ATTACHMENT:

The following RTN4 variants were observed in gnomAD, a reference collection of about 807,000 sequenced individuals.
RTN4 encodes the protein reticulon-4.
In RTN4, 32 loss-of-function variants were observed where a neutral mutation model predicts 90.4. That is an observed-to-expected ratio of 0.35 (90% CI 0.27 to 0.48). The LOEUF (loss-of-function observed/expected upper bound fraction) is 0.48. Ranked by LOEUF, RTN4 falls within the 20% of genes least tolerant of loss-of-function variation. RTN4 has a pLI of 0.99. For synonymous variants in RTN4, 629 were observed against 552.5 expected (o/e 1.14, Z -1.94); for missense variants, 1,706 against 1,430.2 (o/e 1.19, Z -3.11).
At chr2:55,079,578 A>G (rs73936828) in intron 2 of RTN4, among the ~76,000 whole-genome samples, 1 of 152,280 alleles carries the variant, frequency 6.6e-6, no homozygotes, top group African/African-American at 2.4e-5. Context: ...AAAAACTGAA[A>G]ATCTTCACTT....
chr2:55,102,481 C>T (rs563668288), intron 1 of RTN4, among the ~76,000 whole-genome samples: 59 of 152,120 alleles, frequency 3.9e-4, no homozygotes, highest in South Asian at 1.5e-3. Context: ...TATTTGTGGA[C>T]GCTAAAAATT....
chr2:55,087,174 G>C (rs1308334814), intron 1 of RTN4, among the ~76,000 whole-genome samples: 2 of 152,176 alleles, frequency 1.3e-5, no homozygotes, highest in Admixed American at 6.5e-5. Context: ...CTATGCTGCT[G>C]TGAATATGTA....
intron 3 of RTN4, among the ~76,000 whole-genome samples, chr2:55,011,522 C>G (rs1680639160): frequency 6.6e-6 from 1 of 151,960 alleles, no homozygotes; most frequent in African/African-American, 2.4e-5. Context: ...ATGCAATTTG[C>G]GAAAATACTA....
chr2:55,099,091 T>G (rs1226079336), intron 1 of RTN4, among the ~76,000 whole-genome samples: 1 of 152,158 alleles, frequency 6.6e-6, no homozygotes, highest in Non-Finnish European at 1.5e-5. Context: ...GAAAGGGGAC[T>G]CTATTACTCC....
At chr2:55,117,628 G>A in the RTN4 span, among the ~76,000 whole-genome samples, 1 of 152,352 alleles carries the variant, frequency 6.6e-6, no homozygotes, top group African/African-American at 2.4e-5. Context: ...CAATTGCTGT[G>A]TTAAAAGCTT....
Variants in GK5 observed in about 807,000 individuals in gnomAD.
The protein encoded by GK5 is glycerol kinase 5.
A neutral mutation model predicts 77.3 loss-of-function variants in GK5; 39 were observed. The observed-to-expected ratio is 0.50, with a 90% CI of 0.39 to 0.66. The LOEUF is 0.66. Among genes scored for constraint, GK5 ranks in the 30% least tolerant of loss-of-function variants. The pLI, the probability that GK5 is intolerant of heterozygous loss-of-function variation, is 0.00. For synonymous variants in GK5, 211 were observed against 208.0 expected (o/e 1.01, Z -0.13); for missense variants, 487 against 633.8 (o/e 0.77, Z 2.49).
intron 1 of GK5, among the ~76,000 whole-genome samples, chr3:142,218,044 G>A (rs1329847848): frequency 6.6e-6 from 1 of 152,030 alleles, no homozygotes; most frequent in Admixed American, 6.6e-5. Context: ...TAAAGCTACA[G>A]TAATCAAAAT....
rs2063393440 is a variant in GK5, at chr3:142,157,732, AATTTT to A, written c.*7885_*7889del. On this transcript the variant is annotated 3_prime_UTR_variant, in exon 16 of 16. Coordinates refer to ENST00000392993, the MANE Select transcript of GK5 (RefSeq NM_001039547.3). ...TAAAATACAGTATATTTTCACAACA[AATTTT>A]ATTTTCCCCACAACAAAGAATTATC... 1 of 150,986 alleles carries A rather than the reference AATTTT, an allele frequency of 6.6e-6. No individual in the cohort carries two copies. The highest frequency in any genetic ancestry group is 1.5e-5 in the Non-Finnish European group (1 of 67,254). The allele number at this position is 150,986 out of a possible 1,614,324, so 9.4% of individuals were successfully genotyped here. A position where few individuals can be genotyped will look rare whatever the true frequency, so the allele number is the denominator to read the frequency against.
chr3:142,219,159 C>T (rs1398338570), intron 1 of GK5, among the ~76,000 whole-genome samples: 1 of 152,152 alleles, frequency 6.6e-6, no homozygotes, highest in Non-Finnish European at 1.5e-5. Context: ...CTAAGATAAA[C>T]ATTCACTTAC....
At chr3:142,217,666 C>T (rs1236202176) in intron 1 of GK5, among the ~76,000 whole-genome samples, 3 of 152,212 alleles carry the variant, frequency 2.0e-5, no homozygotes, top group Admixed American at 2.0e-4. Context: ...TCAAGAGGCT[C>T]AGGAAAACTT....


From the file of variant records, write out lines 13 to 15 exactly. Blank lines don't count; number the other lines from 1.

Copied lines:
intron 1 of GK5, among the ~76,000 whole-genome samples, chr3:142,218,044 G>A (rs1329847848): frequency 6.6e-6 from 1 of 152,030 alleles, no homozygotes; most frequent in Admixed American, 6.6e-5. Context: ...TAAAGCTACA[G>A]TAATCAAAAT....
rs2063393440 is a variant in GK5, at chr3:142,157,732, AATTTT to A, written c.*7885_*7889del. On this transcript the variant is annotated 3_prime_UTR_variant, in exon 16 of 16. Coordinates refer to ENST00000392993, the MANE Select transcript of GK5 (RefSeq NM_001039547.3). ...TAAAATACAGTATATTTTCACAACA[AATTTT>A]ATTTTCCCCACAACAAAGAATTATC... 1 of 150,986 alleles carries A rather than the reference AATTTT, an allele frequency of 6.6e-6. No individual in the cohort carries two copies. The highest frequency in any genetic ancestry group is 1.5e-5 in the Non-Finnish European group (1 of 67,254). The allele number at this position is 150,986 out of a possible 1,614,324, so 9.4% of individuals were successfully genotyped here. A position where few individuals can be genotyped will look rare whatever the true frequency, so the allele number is the denominator to read the frequency against.
chr3:142,219,159 C>T (rs1398338570), intron 1 of GK5, among the ~76,000 whole-genome samples: 1 of 152,152 alleles, frequency 6.6e-6, no homozygotes, highest in Non-Finnish European at 1.5e-5. Context: ...CTAAGATAAA[C>T]ATTCACTTAC....